What Being Jewish Taught Me About Being Transgender, and Vice Versa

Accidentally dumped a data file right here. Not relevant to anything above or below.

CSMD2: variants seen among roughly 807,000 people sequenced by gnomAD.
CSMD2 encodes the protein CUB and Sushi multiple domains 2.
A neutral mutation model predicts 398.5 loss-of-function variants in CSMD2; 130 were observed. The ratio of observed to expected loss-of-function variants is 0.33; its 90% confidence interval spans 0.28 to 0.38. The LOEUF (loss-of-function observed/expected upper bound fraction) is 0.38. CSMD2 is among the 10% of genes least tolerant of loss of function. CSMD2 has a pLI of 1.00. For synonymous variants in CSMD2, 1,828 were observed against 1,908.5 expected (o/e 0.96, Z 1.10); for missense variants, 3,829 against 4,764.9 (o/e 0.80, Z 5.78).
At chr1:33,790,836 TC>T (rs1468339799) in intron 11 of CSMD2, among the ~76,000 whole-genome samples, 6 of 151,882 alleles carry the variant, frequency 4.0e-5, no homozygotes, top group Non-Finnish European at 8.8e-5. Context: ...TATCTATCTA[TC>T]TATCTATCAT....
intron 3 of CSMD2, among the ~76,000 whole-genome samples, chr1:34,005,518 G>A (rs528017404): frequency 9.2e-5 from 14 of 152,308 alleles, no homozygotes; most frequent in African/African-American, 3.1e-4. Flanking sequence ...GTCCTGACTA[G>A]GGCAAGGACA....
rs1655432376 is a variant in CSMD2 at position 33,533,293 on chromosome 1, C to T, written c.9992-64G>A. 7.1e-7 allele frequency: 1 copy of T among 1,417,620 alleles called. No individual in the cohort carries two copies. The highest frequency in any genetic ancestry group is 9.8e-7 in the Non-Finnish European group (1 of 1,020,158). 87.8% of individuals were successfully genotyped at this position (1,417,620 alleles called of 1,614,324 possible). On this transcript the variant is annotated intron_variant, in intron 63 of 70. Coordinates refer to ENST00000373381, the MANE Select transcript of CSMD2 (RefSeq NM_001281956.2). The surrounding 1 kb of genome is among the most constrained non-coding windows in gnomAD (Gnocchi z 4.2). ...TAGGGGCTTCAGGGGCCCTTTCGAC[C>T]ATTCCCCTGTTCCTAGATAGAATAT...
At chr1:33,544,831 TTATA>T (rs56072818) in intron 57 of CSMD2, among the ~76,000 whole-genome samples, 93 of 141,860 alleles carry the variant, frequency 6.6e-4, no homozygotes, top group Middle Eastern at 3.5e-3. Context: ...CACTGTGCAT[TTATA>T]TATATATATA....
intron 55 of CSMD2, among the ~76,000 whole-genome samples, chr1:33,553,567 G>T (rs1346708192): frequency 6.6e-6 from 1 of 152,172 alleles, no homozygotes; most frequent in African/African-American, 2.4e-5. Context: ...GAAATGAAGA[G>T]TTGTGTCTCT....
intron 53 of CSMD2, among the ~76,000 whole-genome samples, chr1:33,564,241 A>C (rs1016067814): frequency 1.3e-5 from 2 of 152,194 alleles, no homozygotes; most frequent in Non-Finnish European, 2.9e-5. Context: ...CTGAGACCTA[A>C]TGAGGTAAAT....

At first glance, Jewish identity and transgender identity (identifying as something other than simply male or female) have little in common. Jewish identity grows out of a 3000-year tradition; the term "transgender identity" has only been in use for a decade or two. Jewish identity is based on what we have in common with other Jews; transgender identity is based on how we are different from those who embrace the genders they were born into. This talk will use Joy Ladin's personal experience to explore the ways in which, despite and because of their differences, Jewish and transgender identities can speak to, strengthen and enrich one another, and how Jewish communities may gain by including and embracing transgender Jews. Join Joy Ladin and Daniel Libenson as they discuss "What Being Jewish Taught Me About Being Transgender, and Vice Versa." Ladin holds the Gottesman Chair in English at Yeshiva University, and, in 2007, became the first (and still only) openly transgender employee of an Orthodox Jewish institution. Her memoir, “Through the Door of Life: A Jewish Journey Between Genders,” was a finalist for a National Jewish Book Award. Her recent book, “The Soul of the Stranger: Reading God and Torah from a Transgender Perspective,” is a finalist for a Lambda Literary Award and a Triangle Award. Ladin has also published nine books of poetry. Her work was recognized with a National Endowment for the Arts Fellowship, a Fulbright Scholarship, an American Council of Learned Societies Research Fellowship and two Hadassah Brandeis Institute Research Fellowships, among other honors. A nationally recognized speaker on transgender and Jewish identity, she serves on the Board of Keshet, an organization devoted to full inclusion of LGTBQ Jews in the Jewish world. The following night, Dr. Ladin will discuss "Gender Roles and Transformations in the Torah." Part of the Architects of the Jewish Future Series.